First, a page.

Thursday, December 24, 2015

Law professors debate constitutionality of limits on free speech (and unsupervised distribution) given unprecedented nature and paradox in ISIS's recruiting propaganda methods

Proposals to limit free speech (or its unsupervised distribution) continue to emerge.

In Bloomberg, Cass R. Sustein writes about “Islamic State’s Challenge to Free Speech”. One of the ideas he discusses is the “Learned Hand Test” from a judge with a curious name, which would consider indirect incitement to violence as a clear and present danger.  A relevant case is Dennis v. The United States, decided by the Supreme Court in 1951.

American (University of Chicago) law professor Eric Posner writes in Slate bluntly “ISIS gives us no choice but to consider limits on speech” with the subtitle byline, “America faces unprecedented danger from the group’s online radicalization tactics”.   Posner wants to make it a crime to even access, or at least link to, sites that promote ISIS propaganda.  Imagine the NSA surveillance issue then!  And imagine the idea of it being a crime to provide a simple hyperlink (although that had come up with the Communications Decency Act in 1996, the portion that got struck down by the Supreme Court in 1997).  And why, in this era of unprecedented communication, is so much of our population sitting ducks for “propaganda”.  That sounds like something Vladimir Putin would say. I can remember we studied the idea of "propaganda" in twelfth grade government class back in 1961. Posner's "modest proposal" would not seem funny to Jonathan Swift.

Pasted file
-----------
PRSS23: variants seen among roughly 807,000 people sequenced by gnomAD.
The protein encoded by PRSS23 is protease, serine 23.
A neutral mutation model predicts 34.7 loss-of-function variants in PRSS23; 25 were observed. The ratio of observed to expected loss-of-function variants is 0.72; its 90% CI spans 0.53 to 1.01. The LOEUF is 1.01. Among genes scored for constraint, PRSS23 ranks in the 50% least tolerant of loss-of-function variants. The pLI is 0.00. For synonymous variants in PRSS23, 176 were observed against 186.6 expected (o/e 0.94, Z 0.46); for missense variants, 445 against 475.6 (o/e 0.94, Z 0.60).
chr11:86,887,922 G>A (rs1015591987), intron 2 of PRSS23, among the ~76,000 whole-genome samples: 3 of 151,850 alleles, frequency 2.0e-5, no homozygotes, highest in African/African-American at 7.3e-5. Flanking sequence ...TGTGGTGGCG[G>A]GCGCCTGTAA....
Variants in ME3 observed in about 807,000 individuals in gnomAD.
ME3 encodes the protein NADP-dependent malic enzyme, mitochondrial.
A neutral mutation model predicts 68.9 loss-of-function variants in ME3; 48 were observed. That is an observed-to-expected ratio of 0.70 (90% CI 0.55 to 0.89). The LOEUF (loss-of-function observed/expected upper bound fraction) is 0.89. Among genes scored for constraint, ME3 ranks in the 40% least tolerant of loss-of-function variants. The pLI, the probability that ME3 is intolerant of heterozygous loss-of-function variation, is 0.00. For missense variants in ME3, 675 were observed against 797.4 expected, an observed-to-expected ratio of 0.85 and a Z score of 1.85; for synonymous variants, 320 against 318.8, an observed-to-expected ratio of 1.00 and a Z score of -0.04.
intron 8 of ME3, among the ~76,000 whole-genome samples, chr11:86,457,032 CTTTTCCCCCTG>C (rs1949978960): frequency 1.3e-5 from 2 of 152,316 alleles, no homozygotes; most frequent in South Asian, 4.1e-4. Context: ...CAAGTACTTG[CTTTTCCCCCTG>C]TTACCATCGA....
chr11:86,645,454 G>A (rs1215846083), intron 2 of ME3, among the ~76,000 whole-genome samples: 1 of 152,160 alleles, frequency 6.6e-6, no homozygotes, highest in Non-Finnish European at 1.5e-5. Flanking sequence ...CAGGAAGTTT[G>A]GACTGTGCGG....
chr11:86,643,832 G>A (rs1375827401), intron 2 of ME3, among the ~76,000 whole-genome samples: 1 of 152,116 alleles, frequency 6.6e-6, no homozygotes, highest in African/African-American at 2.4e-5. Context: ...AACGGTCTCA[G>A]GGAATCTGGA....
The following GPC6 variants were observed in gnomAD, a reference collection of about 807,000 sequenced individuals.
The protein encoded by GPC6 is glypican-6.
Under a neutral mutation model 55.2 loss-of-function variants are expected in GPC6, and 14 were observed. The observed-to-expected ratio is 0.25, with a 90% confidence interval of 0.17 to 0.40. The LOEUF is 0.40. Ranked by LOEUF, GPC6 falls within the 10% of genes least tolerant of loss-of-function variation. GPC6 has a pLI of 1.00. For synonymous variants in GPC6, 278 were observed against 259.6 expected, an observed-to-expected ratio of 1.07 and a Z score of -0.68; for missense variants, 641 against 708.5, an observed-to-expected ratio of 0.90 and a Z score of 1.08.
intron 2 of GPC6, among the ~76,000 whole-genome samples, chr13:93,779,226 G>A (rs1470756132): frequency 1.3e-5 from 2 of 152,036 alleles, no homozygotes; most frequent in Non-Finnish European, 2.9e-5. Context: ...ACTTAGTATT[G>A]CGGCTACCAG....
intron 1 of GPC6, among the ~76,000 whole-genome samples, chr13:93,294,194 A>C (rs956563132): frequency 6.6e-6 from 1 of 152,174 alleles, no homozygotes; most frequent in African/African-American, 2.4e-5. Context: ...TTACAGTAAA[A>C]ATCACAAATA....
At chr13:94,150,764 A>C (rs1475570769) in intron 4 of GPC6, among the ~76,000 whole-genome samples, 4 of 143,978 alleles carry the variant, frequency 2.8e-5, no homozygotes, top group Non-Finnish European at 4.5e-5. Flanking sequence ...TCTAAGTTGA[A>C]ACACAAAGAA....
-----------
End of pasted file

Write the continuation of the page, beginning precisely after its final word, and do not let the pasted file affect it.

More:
It would seem that a relevant idea would be, whether the nation is legally "at war", which NATO commitments could relate to.

Geoffrey Stone (also, like Posner, a law professor, at the University of Chicago) responds to all this in the Huffington Post, “ISIS, Fear, and the Freedom of Speech” in the Huffington Post.   Dec. 22. But any other issues, already considered here, could fold into these debates, such as downstream liability for service providers, the absence of gatekeepers before posting, gratuitous publication, and implicit content.

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